Grandma's chicken soup, clear and gorgeous broth with the most intense flavour - thank's to a secret ingredient - and egg noodles.
The mythical cold-fighting miracle, chicken soup is the heights of comfort food. But it is also an everyman of the soup world: Everysoup, so to speak.
Various versions of chicken soup
It is Jewish, and Chinese, Japanese and Polish.
It is broth, it is consommé; it is ramen and it is Bovril (I know: beef, but keep reading). And it is also rosól, the Polish version of chicken soup I was brought up on.
Sometimes the soup has the chicken meat in it, carefully stripped off the choicest cut of the bird, having been delicately poached in the broth. And sometimes, like in my case below, it’s nearly free food: chicken carcass bummed off the butcher plus egg noodles as a filler.
Polish chicken soup
The Polish version, the one that throws me back to the depth of 1970s, is the clear, no floating chicken meat variant. Bizarrely, the Polish chicken soup is often made with beef. What the what? Indeed.
But that weird fact aside (simply, Polish ‘rosól’ means ‘meat broth’ and it can be made either with poultry or beef, under the same moniker. Yeah, THAT’S weird), my Grandma made the best one ever. A mythical, epic, staggering dish consisting of crystal-clear chicken broth and homemade noodles.
Grandma’s chicken soup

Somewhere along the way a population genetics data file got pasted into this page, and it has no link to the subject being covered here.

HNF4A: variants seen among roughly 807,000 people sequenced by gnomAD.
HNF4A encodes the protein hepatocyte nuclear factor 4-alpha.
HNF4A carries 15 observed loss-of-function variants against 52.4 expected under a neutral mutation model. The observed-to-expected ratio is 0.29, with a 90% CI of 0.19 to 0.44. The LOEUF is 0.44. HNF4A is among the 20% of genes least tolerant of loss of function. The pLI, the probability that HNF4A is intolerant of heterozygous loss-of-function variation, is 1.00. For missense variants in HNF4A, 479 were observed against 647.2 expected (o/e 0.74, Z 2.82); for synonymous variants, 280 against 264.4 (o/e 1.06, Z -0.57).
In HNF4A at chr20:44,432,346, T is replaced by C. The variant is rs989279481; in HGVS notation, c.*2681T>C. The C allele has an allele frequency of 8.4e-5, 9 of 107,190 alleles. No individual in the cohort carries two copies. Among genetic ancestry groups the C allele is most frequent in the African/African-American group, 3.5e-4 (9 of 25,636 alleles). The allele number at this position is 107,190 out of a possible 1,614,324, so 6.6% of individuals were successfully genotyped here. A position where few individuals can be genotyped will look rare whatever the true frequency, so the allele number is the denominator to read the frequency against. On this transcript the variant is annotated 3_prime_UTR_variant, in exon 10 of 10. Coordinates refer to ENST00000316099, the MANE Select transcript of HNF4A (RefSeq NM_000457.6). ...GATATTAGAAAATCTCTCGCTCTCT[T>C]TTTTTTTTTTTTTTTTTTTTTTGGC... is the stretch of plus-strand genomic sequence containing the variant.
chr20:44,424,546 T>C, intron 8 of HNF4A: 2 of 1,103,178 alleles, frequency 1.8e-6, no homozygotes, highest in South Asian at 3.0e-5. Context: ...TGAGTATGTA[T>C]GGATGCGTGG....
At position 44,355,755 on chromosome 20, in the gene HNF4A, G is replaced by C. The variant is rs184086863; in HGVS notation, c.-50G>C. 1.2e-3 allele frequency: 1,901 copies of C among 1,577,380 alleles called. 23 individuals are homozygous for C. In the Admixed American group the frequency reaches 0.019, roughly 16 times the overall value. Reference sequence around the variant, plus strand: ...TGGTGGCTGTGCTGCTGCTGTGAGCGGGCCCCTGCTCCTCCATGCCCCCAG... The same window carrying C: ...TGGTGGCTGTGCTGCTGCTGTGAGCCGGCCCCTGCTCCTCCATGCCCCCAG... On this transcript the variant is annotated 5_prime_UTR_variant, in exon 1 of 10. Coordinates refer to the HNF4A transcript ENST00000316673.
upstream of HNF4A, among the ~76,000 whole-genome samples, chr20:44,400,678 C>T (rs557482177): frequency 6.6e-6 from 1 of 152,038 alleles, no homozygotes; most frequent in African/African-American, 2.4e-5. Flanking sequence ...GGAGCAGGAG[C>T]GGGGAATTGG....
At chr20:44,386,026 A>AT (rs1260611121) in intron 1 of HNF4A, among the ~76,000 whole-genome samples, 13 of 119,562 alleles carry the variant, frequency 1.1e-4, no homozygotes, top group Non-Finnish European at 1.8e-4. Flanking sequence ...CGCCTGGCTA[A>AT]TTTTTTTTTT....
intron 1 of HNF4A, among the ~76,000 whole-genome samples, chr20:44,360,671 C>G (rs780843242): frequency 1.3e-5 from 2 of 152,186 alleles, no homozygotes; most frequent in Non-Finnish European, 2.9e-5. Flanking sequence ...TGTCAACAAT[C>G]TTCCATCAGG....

My Grandma’s chicken soup was of the chickenless variety (meat was stripped off the cooked bird and magicked into a main course of wonderful sorts), with homemade noodles compensating for any complaints in that resort.
I am NOT going to attempt the noodles: my pasta-making efforts have showed me humility enough. But I can try to reproduce her soup, whose secret was amazingly simple. Aside from good quality chicken and plenty of vegetables, she’d flavour it with burnt onion. Literally burnt. Smouldering and black.
How I make my Grandma’s chicken soup
I can and I can’t reproduce it; Grandma had an old-fashioned Aga stove and I have induction. But the onion can be scorched in a dry frying pan, cast iron for preference and otherwise one you won’t miss much if it’s slightly ruined.
Apart from that, my recipe is simple and frugal. You can get chicken carcasses free from the butcher’s; supermarket shoppers might use a whole load of chicken wings instead, but it will be fatty. Not that there’s an awful lot of wrong with it, it’s just a small caveat.
Either way, cooking the chicken soup is a doddle: chicken, cold water, vegetables, seasoning, MY GRANDMA’S ONION and cooking slow and low for as long as you can, within reason.
The veg I usually use are plenty of carrots, half as many parsnips, a piece of celeriac, a trimmed leek, a little cabbage if I can find some and a few dried wild mushrooms that give the soup nice, dark, earthy flavour. And the ONION, obviously.
Once it’s simmered for a bit or more, or once you’re hungry enough to call it done, it is done.
Noodles for the chicken soup
Trust me – medium egg noodles for stir fries are the closest approximation of my Grandma’s noodles and they are the best.
I prepare them when my soup looks almost ready to jump into a bowl. A nest of soaked and drained noodles at the bottom of the bowl, a few slices of the carrot fished out of the soup and chopped, a sprinkle of fresh parsley – and it all gets gorgeously flooded by hot but not boiling, strained clear through a regular sieve, beautiful* chicken soup.
Soup of the evening, beautiful soup.
*apparently, ‘beautiful soup’ is some sort of coding or web scraping tool, whatever it means. Curiouser and curiouser!